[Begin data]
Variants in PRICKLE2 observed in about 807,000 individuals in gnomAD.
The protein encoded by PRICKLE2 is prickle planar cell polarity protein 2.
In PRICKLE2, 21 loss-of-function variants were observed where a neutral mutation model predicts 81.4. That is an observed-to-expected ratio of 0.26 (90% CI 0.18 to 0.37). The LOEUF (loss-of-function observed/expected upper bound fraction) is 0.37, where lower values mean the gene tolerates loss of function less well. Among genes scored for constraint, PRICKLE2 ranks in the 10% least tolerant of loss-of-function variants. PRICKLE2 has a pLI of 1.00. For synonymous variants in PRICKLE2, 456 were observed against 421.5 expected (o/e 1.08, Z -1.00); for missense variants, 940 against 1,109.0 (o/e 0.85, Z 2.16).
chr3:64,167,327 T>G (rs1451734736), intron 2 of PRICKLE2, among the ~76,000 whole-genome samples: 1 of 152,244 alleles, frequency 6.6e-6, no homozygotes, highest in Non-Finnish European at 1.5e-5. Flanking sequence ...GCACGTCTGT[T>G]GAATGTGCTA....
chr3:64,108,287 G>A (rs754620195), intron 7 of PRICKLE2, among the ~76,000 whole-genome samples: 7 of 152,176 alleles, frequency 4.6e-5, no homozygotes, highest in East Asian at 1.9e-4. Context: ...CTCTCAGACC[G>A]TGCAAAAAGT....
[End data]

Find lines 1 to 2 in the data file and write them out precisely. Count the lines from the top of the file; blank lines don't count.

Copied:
Variants in PRICKLE2 observed in about 807,000 individuals in gnomAD.
The protein encoded by PRICKLE2 is prickle planar cell polarity protein 2.